Percherons and Sweet Maple Sugar Pie

Percheron Horse Mountsberg

Photo by Veronika Fryc


Written by: Brenna Bartley, Educational Programming Coordinator

Have you met Ollie, Odyssey, Ruby, Judy and Brooke? These gentle giants are the hard working Percheron horses that will be pulling the wagons in Mountsberg’s Maple Town starting on February 28th and running weekends, holidays, and March Break until April 6th.

Percherons were first bred in the fertile French region of La Perche (located in Normandy), from which they get their name. They are well known as draft horses, commonly used in agriculture, but also used as artillery horses in World War I due to their ability to tolerate loud noises and challenging conditions. One of the many differences between Percherons and Thoroughbreds are the positioning of their legs.  Percherons have been bred to work in teams and consequently, their legs are positioned more closely together under their bodies. Another, more obvious, difference is their size; Percherons can reach 6’4” (19 hands) in height at the withers and up to a colossal 2400lbs in weight. Throughbreds, in comparison, can reach 5’8” (17 hands) at the withers and up to 1100lbs in weight.


Percheron Team



Ollie (age 9), Odyssey (age 8) and Ruby (age 10) are the core members of the 2015 Maple Town team. Ollie is the matriarch or grand dame of the group. She is a key member of the team; due to her temperament and work ethic she can be paired with any of her team mates. Odyssey is a gelding and the only male member of the 2015 team. He is our largest team member weighing in at almost 2000lbs and, despite his large size, is very affectionate with his handlers. Ruby is our eldest team member and has led a previous life as a lead show horse. Her show background still shines through, she is eager to pull and show our guests and her team mates how things are done.

Two new team members have been added for 2015. Born only one day apart, both Brooke and Judy are 2 years old and are still growing into their frames. Horses are carefully selected for our team to make sure they are a good match for our other team members and that they enjoy the work of pulling a wagon at a busy education centre.  Both horses are a little shy, but curious about people and we are excited to watch as they learn the ropes.

In celebration of the teams’ French heritage we are featuring a traditional French Canadian recipe for our second maple recipe of the season. Tarte au Sucre is a traditional French dish brought to Canada by early French settlers. Lacking access to white or brown sugar, the settlers turned to maple syrup and sugar to make the recipe and Maple Sugar Pie was born.

There were so many variations on this dish that we decided to try two different recipes.

For a more custardy pie with a flavor reminiscent of maple syrup drenched French toast try recipe number one, courtesy of Kitchen Vignettes.

For a less custardy pie with stronger maple flavor, try recipe number two curtesy of Tastefully Julie.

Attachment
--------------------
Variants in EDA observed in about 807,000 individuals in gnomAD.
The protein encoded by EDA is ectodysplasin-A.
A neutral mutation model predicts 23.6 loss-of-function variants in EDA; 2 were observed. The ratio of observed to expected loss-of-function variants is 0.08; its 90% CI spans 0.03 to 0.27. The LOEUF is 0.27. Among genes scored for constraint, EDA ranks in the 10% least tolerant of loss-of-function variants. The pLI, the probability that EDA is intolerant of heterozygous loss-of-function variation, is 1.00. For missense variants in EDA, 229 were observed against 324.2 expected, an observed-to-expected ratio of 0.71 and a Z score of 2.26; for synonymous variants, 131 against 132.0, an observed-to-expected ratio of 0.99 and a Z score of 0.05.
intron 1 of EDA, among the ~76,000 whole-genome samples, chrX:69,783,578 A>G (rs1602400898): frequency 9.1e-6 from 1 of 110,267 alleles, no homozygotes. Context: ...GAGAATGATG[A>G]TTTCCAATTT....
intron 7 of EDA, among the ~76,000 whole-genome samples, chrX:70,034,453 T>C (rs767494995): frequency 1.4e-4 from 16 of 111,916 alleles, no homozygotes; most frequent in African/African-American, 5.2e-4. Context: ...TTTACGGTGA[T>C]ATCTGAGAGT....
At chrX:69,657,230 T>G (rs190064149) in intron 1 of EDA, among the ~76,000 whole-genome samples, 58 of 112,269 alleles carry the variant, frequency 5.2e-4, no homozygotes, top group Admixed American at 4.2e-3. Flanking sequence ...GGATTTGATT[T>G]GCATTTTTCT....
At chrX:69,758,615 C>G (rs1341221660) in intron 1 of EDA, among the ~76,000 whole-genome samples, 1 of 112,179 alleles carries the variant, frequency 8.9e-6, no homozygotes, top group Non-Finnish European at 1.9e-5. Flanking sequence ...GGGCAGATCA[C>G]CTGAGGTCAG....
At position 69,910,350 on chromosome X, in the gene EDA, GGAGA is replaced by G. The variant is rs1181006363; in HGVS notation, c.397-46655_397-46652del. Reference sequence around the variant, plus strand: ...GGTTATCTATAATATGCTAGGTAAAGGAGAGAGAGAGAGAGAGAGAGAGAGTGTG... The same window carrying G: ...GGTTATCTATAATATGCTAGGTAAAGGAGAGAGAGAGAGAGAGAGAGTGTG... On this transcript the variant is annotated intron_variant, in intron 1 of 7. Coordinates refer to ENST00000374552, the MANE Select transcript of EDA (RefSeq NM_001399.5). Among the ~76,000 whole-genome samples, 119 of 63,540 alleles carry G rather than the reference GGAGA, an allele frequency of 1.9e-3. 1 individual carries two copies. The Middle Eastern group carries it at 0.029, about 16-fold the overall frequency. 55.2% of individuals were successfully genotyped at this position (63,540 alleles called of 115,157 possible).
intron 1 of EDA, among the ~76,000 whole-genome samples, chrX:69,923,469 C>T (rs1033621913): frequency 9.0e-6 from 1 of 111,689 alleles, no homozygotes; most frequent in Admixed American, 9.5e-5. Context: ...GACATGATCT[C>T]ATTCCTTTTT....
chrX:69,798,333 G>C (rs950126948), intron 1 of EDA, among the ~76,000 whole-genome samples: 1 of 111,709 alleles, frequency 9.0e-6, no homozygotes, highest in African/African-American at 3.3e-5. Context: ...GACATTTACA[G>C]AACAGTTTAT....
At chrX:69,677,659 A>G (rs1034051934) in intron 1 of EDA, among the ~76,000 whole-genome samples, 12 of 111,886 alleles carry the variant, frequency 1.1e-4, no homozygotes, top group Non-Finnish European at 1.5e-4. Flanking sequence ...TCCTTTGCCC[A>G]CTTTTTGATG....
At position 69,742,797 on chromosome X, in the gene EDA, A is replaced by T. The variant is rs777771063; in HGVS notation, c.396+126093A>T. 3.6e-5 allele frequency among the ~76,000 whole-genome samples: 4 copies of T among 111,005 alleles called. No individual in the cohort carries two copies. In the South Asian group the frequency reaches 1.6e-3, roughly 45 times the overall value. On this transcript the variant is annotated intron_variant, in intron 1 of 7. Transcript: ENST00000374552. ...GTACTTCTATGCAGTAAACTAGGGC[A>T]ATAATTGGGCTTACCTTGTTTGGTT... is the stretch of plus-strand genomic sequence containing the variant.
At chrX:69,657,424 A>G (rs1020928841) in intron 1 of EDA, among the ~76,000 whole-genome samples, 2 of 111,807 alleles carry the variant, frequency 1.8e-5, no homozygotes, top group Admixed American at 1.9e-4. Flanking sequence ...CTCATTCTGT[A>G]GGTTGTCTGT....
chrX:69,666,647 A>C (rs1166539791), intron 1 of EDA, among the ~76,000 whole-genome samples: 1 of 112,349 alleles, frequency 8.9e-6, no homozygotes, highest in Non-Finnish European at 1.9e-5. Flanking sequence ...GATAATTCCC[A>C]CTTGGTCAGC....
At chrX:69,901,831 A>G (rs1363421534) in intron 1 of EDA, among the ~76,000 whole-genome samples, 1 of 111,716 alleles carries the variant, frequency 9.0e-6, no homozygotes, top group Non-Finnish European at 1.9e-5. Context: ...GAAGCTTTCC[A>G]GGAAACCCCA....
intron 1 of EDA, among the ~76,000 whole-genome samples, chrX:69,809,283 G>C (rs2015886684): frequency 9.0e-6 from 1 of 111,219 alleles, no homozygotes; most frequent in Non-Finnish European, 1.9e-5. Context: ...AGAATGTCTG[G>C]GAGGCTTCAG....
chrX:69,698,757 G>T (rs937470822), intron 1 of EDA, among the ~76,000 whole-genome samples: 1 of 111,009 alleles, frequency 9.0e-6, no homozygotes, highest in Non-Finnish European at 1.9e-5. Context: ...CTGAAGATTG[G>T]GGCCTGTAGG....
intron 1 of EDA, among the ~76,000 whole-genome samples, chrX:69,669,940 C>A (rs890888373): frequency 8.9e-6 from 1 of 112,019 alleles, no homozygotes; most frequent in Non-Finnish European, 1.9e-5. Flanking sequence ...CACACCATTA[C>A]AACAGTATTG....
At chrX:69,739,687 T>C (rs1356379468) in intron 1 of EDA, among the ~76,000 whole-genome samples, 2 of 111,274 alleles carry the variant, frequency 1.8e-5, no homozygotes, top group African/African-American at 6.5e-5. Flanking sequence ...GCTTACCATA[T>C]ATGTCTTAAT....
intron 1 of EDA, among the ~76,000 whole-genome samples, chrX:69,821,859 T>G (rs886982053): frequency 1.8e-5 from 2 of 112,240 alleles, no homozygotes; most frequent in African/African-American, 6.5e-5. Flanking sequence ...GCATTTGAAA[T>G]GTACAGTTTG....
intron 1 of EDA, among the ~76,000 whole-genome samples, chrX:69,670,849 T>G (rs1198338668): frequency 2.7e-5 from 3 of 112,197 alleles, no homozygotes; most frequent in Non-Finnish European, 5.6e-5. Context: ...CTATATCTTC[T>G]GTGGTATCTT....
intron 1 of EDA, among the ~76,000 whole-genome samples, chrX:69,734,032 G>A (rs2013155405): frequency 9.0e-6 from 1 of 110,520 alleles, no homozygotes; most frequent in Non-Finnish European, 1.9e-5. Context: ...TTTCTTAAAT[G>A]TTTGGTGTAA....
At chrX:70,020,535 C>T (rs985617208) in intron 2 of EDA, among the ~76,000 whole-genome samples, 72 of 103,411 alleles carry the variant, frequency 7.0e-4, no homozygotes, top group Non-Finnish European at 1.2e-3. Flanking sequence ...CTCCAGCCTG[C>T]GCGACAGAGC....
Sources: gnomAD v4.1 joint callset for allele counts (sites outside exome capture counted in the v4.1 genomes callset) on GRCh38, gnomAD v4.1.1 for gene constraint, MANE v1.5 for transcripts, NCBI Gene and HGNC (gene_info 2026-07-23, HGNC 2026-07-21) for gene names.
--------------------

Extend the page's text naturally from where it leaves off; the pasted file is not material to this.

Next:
We enjoyed both recipes to the last piece of their sticky maple crusts.  If you are a true maple afficianado, use the darkest grade of maple syrup you can get your hands on for the best flavor. Substituting a little brown sugar for some of the maple syrup results in a sweeter pie with a pleasing crust.

Maple Sugar Pie (with eggs)


1 1/2 cups pure maple syrup

1/2 cup butter

1/2 cup whipping (35%) cream

1 Tbsp. unbleached white flour

1/4 tsp salt

2 large eggs

1 9” pie shell (unbaked)


In a heavy saucepan over medium heat, bring the maple syrup just to a boil.

Cook the maple syrup at a gentle bubble, reducing the heat if necessary, for 5 minutes.

 Remove the pan from the heat and stir in the butter until melted.

Stir in the cream.

Transfer about 1/2-cup of the mixture to a small bowl; whisk in the flour and salt and then whisk this back into the mixture in the saucepan. Allow to cool slightly.

Beat the eggs and whisk them into the mixture in the saucepan. Pour the filling into the pie shell.

Bake in a 325 to 350º oven until the centre is golden brown and bubbly, and firm when lightly touched, about 45 minutes. Allow to cool completely to room temperature and set for at least 3 hours, for clean slicing. Serve at room temperature.

Maple Sugar Pie (without eggs)


1 and ½ cups pure maple syrup

1 cup heavy cream

¼ cup cornstarch

¼ cup cold water

1 9” prebaked pie shell


In a medium saucepan, whisk together the syrup and heavy cream.

In a separate bowl, whisk together the cornstarch and water

Heat the maple mixture over medium to medium-high heat while whisking in the cornstarch liquid.

Bring this mixture to a boil and cook for 2 minutes, stirring constantly. Cook at a low boil being careful not to scorch the bottom. The mixture will thicken.

Pour into the pie shell and refrigerate until set. Store pie refrigerated.

Stay warm and stay tuned to this blog for more maple recipes to come throughout the month of March. For more information on how to enjoy Maple Season in our Halton Parks look for Mountsberg’s Maple Town and Crawford Lake’s Sweetwater Season at Or follow this link for a sneak peek into a day at Maple Town.


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